Myth #2 â€“ Sport Psychology is for people who are weak or struggling
Here is a quick story about former North Carolina Tarheel basketball player Rashad McCants from Nov 2004:
SI: When you were a freshman, Doherty asked you to meet “a friend” who turned out to be a sports psychologist.
McCants: That was the most embarrassing moment of my life. It was an insult to me. Because I felt like I was too smart for someone to pick at my brain and say, “Well, you must have a problem.” ‘Cause I felt at the time that I wasn’t the problem. The problem was beyond anybody’s control, because it was with every player on the team. I just had it worse than everybody. I remember he said, “This is Dr. [fusion_builder_container hundred_percent=”yes” overflow=”visible”][fusion_builder_row][fusion_builder_column type=”1_1″ background_position=”left top” background_color=”” border_size=”” border_color=”” border_style=”solid” spacing=”yes” background_image=”” background_repeat=”no-repeat” padding=”” margin_top=”0px” margin_bottom=”0px” class=”” id=”” animation_type=”” animation_speed=”0.3″ animation_direction=”left” hide_on_mobile=”no” center_content=”no” min_height=”none”][Richard] Coop [a member of the UNC faculty]. He’s a psychologist.” I looked at him and said, “You didn’t just send me to a psychologist and act like it was all right.” I saw him twice simply because Coach asked me, and I’m loyal to my coaches. If he asks me to do something, I’ll do it.
SI: But your favorite class right now is a psychology class, so you must respect the study of it, right?
McCants: It was just, how could he think or even dream of me needing a psychologist? You could ask anybody — any Carolina fan — my freshman year if I needed psychological help, those who read the papers would say yes. Those who watched the games live, who know me, will say get outta my face.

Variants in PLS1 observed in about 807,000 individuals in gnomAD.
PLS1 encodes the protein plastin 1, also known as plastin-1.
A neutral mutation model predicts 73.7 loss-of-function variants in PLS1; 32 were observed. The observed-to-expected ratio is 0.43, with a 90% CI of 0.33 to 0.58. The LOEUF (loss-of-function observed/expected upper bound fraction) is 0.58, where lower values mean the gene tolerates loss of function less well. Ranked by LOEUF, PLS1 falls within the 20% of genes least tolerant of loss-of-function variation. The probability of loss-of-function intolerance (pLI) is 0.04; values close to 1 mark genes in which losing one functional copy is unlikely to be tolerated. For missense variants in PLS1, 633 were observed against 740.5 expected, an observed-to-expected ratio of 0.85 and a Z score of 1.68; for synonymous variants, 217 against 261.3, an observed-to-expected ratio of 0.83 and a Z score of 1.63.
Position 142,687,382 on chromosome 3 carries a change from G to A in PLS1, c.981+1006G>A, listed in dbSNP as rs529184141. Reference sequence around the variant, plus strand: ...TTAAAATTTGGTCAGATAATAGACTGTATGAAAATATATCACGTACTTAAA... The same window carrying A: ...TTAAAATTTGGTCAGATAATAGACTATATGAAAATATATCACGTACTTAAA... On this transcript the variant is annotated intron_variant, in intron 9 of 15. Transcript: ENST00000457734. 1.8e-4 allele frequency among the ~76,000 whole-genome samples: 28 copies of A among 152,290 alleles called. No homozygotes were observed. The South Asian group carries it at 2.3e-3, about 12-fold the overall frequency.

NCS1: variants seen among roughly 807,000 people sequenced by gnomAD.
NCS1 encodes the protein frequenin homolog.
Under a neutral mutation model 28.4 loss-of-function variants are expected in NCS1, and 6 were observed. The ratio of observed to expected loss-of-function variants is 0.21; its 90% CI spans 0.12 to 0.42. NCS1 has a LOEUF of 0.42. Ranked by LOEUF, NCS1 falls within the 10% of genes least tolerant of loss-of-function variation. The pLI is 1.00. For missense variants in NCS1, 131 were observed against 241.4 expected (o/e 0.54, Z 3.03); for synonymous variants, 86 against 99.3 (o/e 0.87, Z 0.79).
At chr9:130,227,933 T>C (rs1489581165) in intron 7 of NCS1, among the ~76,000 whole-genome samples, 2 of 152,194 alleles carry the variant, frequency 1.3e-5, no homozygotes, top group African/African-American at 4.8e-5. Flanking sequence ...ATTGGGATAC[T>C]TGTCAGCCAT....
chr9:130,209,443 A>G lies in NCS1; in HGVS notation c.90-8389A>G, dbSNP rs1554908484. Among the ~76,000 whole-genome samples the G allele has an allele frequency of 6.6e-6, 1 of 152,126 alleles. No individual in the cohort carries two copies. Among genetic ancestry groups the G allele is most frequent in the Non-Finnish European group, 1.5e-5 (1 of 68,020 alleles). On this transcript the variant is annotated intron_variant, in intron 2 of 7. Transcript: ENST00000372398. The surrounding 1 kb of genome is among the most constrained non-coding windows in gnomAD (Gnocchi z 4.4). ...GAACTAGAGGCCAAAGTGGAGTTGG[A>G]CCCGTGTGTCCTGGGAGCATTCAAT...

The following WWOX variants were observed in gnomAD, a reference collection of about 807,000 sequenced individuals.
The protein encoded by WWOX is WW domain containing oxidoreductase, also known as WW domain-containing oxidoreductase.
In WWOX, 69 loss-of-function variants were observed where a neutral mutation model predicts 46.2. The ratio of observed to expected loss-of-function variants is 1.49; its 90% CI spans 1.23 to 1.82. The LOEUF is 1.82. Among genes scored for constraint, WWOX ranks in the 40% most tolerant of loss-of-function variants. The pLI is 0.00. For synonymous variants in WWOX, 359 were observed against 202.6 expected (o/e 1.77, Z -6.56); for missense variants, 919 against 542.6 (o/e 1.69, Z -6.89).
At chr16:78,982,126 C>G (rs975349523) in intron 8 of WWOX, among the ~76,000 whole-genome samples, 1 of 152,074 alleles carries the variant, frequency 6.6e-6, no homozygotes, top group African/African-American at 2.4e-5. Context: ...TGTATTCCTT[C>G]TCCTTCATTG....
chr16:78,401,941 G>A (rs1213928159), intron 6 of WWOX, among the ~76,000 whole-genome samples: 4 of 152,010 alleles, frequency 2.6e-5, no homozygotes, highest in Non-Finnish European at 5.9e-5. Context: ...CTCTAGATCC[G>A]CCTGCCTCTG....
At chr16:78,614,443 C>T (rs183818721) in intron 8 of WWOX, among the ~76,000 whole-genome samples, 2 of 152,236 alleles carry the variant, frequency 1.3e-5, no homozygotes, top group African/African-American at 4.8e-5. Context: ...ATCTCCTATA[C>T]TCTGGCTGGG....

SI: But you don’t dismiss the idea of therapy being helpful to some people, do you?
McCants: Not at all. It was very relaxing to talk to him. Because I got to open up and tell him how I felt and get some things off my chest I couldn’t tell anyone else. But just the thought of [Doherty] thinking I needed it was something else.â€
This is a pretty typical attitude toward sport psychology â€“ insecure and a little misguided. While acknowledging that he was able to get things off his chest and talk to someone who was not his coach, McCants still could not stop talking about how offended he was that the coach thought he â€œneeded help.â€
In most sports, athletes are taught to be warriors, to be self-reliant, and to work through adversity. This is one of the things that make people who participate in athletics stronger in all areas of life. However, when you have resources, why not use them? If you are struggling with foul shooting, why not have a coach help with technique? You could work harder on your own using the same bad technique, but that would not help! So if you want to be able to focus very well, why not consult with someone who can provide you the tools necessary to improve.
An example of this, who is in stark contrast to McCants, is Portland Trailblazer All Star Brandon Roy. He told Sports Illustrated in 2010 about his work with a sport psychology consultant in the off-season:
â€œI kept asking myself, â€˜What is the difference between those teams that made the conference finals and ours?â€™ Itâ€™s not talent. We had plenty of talent. It comes down to leadership. They had better leaders. But I was the kind of guy who is always thinking, â€˜What more can I do to help my team?â€™â€
So this summer, Roy requested that the team arrange a meeting for him this summer with a sport psychologist.
Roy, a Rookie of the Year and 3-time NBA All-Star is not someone I would consider â€œweakâ€ or â€œstruggling.â€ Would you?
About the Author: Brian Baxter received an M.A. in Sports Psychology. He teaches individuals how to identify and build awareness of their difficulties, their areas of improvement and their strengths and implements strategies to make the process second nature.